Photo of Stephen Lilley

Stephen Lilley is a partner in the Washington DC office of Mayer Brown. He focuses his practice on helping clients navigate cutting-edge and interrelated litigation, regulatory, and policy challenges. A member of the firm’s Litigation and Cybersecurity & Data Privacy practices, Stephen develops strategies to manage legal risks and to shape regulatory policy across a broad range of substantive areas.

Stephen has significant experience working with clients to identify, evaluate, and manage cybersecurity and data privacy risks; responding to cyber incidents and vulnerability disclosures; and defending businesses in related litigation. Stephen is regularly called upon to advise senior executives and board members on their most challenging cybersecurity risks, to help companies develop governance programs to mitigate those risks, and to lead training exercises to implement and refine those programs. Stephen has particular experience advising on cybersecurity and national security issues relating to the Internet of Things, including vehicles and medical devices, and to manufacturing, critical infrastructure, and other industrial systems. Widely recognized for his cybersecurity law and policy experience, Stephen previously served as Chief Counsel to the Senate Judiciary Committee’s Subcommittee on Crime and Terrorism, where he focused on cybersecurity issues.

Read Stephen's full bio.

Strengthening the nation’s cybersecurity has been a top priority for the Biden administration, as reflected in its collaboration with industry, regulatory actions, and the legislation it has supported in Congress, including the Cyber Incident Reporting for Critical Infrastructure Act of 2022. Executive action has been a key tool in the Biden administration’s cyber policymaking toolkit.

On March 15, 2022, President Biden signed into law the Consolidated Appropriations Act, 2022, H.R. 2471. Division Y of this omnibus appropriations legislation—the Cyber Incident Reporting for Critical Infrastructure Act of 2022—will create significant new rules requiring US critical infrastructure entities to report cybersecurity incidents and ransom payments to the US government. This legislation marks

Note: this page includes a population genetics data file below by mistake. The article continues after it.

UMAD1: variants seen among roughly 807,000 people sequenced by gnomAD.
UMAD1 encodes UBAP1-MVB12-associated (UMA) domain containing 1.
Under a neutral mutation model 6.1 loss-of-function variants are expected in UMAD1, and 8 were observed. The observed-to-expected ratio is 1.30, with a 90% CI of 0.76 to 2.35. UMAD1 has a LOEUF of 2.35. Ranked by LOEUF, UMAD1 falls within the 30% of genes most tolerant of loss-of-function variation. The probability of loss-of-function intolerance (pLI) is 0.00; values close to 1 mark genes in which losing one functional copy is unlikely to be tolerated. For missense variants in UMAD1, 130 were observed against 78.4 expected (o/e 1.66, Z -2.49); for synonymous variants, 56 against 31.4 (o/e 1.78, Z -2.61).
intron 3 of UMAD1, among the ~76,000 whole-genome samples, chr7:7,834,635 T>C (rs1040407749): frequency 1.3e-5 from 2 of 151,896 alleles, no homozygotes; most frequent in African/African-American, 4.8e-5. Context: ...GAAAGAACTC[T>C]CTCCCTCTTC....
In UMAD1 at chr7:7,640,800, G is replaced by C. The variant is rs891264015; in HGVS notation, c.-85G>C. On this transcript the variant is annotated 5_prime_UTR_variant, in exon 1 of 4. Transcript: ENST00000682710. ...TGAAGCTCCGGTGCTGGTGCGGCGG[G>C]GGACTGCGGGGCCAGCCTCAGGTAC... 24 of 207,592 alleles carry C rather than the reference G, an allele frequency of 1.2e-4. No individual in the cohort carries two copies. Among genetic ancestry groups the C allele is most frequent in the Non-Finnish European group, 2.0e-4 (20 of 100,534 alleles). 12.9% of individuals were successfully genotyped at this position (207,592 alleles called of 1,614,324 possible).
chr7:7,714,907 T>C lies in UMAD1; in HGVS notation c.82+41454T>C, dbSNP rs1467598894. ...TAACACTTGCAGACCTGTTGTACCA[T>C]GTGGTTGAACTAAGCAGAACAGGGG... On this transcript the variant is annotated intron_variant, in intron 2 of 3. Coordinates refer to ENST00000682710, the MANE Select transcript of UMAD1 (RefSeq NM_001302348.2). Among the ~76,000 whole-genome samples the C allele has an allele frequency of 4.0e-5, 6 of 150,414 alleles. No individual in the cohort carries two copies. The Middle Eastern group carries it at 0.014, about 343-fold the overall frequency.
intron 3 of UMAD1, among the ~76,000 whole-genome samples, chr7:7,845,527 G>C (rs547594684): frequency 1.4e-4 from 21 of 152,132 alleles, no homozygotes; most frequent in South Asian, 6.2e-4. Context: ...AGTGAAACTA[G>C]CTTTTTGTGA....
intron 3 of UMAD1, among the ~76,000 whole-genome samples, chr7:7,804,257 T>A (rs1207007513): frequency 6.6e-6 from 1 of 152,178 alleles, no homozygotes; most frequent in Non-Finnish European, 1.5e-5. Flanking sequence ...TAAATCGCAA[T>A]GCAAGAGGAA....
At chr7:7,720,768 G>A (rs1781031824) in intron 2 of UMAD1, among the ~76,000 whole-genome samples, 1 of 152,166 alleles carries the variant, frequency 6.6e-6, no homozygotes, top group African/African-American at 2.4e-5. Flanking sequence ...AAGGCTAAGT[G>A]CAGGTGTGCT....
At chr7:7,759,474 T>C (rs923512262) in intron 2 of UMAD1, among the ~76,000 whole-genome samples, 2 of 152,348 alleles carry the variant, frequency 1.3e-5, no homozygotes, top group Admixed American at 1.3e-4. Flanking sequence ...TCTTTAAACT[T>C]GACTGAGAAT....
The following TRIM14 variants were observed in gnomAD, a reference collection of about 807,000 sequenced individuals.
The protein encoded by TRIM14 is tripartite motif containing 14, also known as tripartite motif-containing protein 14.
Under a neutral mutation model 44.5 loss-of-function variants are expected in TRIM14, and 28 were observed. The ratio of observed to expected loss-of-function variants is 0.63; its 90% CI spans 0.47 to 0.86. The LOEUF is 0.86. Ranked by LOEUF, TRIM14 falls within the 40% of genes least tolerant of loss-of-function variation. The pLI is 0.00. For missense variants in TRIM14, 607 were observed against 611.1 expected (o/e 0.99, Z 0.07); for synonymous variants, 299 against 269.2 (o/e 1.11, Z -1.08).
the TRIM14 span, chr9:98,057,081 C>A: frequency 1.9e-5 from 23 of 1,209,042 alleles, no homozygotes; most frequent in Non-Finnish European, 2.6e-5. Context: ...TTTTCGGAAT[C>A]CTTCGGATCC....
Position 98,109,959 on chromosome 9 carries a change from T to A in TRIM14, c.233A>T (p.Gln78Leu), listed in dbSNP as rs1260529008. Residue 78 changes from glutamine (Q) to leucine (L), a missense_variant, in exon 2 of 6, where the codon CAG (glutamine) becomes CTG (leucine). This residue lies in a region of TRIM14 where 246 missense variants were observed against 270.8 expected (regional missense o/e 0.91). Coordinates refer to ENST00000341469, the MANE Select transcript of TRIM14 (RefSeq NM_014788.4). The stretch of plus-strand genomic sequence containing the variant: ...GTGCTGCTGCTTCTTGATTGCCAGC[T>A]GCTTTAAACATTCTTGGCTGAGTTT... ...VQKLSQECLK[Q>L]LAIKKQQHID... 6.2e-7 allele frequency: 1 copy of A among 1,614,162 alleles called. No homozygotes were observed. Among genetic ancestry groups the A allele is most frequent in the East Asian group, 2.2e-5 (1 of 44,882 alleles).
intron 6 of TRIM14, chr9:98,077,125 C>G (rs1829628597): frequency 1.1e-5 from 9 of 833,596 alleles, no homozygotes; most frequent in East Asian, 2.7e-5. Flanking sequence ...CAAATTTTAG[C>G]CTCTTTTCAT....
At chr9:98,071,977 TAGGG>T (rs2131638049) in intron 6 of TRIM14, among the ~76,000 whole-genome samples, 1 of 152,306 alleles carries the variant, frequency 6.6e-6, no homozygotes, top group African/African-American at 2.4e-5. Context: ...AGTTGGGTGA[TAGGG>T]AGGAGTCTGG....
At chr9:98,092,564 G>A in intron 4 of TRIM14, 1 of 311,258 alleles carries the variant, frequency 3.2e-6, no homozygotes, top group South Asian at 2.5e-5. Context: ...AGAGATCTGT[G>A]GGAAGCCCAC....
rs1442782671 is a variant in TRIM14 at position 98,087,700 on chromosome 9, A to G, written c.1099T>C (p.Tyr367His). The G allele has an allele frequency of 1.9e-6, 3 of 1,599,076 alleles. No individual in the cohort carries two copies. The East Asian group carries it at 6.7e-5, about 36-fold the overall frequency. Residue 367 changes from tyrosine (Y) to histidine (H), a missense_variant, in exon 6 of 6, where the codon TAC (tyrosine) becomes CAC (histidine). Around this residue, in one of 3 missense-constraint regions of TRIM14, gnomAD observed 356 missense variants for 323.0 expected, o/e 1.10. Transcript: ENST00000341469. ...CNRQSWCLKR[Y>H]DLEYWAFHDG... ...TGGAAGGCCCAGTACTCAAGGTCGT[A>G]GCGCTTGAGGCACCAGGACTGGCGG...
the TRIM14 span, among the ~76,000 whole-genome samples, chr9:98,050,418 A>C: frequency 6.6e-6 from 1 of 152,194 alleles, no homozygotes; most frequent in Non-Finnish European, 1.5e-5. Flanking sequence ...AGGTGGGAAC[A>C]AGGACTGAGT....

After months of diplomatic engagement, the early morning of February 24, 2022 saw what President Biden called an “unprovoked and unjustified attack by Russian military forces” on Ukraine. Numerous news reports also have described significant cyber attacks against Ukrainian systems. According to those reports, these attacks follow multiple waves of cyber attacks in the past

  • On October 27, 2021, the Federal Trade Commission issued a final rule (“Final Rule”) implementing most of the revisions it proposed in 2019, with some important modifications, to its Gramm-Leach-Bliley Act safeguards rule.
  • Financial institutions covered by the Final Rule include finders, finance companies, mortgage companies, motor vehicle dealerships, payday lenders and other non-banks involved

2020 and 2021 saw sophisticated, coordinated cyber attacks affect some of the largest companies in the world. In the wake of these attacks, the Biden Administration and federal regulators—as well as businesses within the financial sector—are highly focused on cybersecurity. With a rapidly changing landscape, financial services companies are working hard to prepare for cyber

Eric Goldstein has served as the Executive Assistant Director for Cybersecurity for the Cybersecurity and Infrastructure Security Agency (CISA) since February. In this role, he leads CISA’s mission to protect and strengthen federal civilian agencies and the nation’s critical infrastructure against cyber threats. Eric will be in conversation with Stephen Lilley, former Chief Counsel to

What are the key priorities for businesses as they face cyber threats to industrial systems, including in manufacturing, infrastructure and other critical contexts? This panel, featuring in-house leaders from prominent multinational businesses, will address the practical tools used to manage industrial cyber risk and associated legal risk, including:

  • Assessing industrial cyber risk
  • Ensuring effective internal

On September 21, 2021, the US Department of the Treasury’s Office of Foreign Assets Control (“OFAC”) announced several actions intended to “advance the United States government’s broader counter-ransomware strategy,” including an update to OFAC’s October 2020 advisory on ransomware payments and the first Specially Designated National (“SDN”) designation of a virtual currency exchange. OFAC’s action

Oil and gas companies should anticipate a more vigorous enforcement environment during President Biden’s term, with anti-corruption and sanctions enforcement expected among some of the key areas of focus. In addition, companies should expect close scrutiny of the industry’s management of cyber risks, along with increased regulatory and litigation risk.

To help you navigate the